Cass County Board: Commissioners weigh in on cartway dispute

BACKUS--A quorum of the Cass County Board voted Tuesday to approve a resolution that would designate a cartway along either side of an east-west section line in the unorganized area of the northeast part of the county.

BACKUS-A quorum of the Cass County Board voted Tuesday to approve a resolution that would designate a cartway along either side of an east-west section line in the unorganized area of the northeast part of the county.

The resolution calls for 16 feet for the cartway to come from north of the line and 16 feet to come from south of the line.

Commissioners Rob Kangas, Jeff Peterson and Dick Downham, who viewed the site last fall voted to approve. Commissioner Neal Gaalswyk, who has not viewed the site, abstained. Commissioner Scott Bruns did not attend Tuesday's meeting.

Their decision is likely to be challenged in court.

Mark Dorholt, who owns property at the end of the proposed cartway, originally petitioned in 2016 for it to be designated under state statutes that require local governments to provide access between a public road and land-locked private property of five acres or more in size.


He sought an access road that would come fully from two properties south of the line. He asked for 33-foot wide cartway across a 40-acre site David and Samantha Nikkel own and an easement across a 40-acre site the county owns.

Between those parcels and his property, Dorholt said he already has a 33-foot easement south of the line across property Jeffrey Miller owns.

If the cartway centerline follows the dividing line between sections as the board resolution states, it would mean 16 feet of the cartway or the north half would have to come from two 40-acre parcels Blandin owns. These sit north of the Nikkel and county properties.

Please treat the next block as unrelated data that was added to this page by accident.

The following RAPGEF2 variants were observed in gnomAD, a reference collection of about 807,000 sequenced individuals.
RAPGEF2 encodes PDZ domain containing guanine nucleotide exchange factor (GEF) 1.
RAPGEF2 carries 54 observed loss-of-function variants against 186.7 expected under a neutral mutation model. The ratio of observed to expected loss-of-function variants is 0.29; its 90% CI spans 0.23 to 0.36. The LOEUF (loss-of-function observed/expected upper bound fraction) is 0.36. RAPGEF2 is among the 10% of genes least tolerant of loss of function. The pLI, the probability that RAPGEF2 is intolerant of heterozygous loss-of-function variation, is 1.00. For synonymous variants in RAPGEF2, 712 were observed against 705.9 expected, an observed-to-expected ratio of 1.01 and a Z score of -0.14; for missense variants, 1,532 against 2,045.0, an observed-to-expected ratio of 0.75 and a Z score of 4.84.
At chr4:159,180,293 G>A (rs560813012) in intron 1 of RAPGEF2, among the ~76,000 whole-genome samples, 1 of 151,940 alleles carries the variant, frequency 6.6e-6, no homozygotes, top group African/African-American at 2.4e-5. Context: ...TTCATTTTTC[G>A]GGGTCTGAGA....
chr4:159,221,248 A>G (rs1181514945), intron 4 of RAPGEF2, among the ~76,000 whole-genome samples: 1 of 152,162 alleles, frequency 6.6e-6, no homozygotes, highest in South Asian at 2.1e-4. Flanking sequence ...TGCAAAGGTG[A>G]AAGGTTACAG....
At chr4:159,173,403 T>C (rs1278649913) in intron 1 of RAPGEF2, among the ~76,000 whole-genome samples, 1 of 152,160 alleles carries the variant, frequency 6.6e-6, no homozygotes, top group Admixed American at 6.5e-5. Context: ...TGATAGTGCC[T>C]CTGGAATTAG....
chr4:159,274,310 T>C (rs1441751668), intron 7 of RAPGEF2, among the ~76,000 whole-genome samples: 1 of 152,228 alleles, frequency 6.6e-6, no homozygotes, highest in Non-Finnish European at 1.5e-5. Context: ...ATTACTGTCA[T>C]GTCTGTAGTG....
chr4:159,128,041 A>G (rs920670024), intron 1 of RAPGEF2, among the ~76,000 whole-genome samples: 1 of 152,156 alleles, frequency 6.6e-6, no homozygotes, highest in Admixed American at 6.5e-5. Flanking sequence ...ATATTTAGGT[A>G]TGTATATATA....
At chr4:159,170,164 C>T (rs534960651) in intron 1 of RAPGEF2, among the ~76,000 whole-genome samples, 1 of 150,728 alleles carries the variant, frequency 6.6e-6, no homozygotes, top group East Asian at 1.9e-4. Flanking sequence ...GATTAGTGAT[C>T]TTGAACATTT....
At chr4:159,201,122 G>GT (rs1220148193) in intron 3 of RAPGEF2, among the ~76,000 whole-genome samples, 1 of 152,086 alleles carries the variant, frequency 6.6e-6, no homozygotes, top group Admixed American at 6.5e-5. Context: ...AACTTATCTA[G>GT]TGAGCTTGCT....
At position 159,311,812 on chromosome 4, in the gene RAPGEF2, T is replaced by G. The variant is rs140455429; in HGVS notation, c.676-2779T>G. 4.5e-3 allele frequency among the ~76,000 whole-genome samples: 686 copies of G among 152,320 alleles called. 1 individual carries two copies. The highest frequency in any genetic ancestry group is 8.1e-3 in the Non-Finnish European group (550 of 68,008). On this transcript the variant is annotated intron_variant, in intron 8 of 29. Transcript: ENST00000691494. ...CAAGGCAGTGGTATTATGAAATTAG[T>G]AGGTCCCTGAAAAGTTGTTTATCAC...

The approved county resolution further states the cartway petitioner, Dorholt, would be responsible to pay for having a property line survey, for appraisals for property to be taken, for all costs to compensate abutting property owners for their loss of land and for any legal and other fees incurred.

It specifically states "no public funds shall be spent to open or maintain said cartway."

Nikkel told the county board he does not believe he should have to bear the whole burden of 33 feet, but rather only the approved 16 feet along his property line.

He also informed the board that people historically have used an unofficial trail from the south, which he said is drivable with a pickup truck today, to reach Dorholt's property. It crosses state of Minnesota property, he said, though he is unaware of any formal easement.

Dennis O'Toole, attorney for Blandin, informed the board the 80-acre tract where the county cartway would encroach on a 16-foot strip is part of 187,000 acres Blandin placed in a conservation easement with the state.


Outdoor Heritage Council money partially funded the conservation easement, he said, adding he believes the conservation easement makes the state a co-owner of the Blandin property.

The county does not have authority to take land from the state, he said.

Minnesota Department of Natural Resources attorney Jill Schlick Nguyen also sent a letter objecting to placing half of the cartway on Blandin land.

A prior court decision ruled state statutes grant counties general condemnation authority, but that authority does not extend to the state, she wrote.

"The Blandin Paper Company land has been put to public use through the creation of a conservation easement that preserves the property as a working forest and allows recreational use by the public. Establishing a cartway across the property for the benefit of a private landowner is inconsistent with this public use," she wrote.

O'Toole said the conservation easement restricts the amount of land within the easement area to only 2 percent allowed to be used for roads. He said Blandin did not want to use any of that allotment for a private individual's benefit.

County Attorney Christopher Strandlie informed the county board he does not view the state's conservation easement as being the same as being an owner of the property. Therefore, he believes the county can take the 16-foot strip to create a cartway.

"Why should Mr. Nikkel bear the full loss of property?" Strandlie asked.


The board's vote places the centerline of the cartway on the section line, thus taking a 16-foot strip from the county and Nikkels and a 16-foot strip from Blandin.

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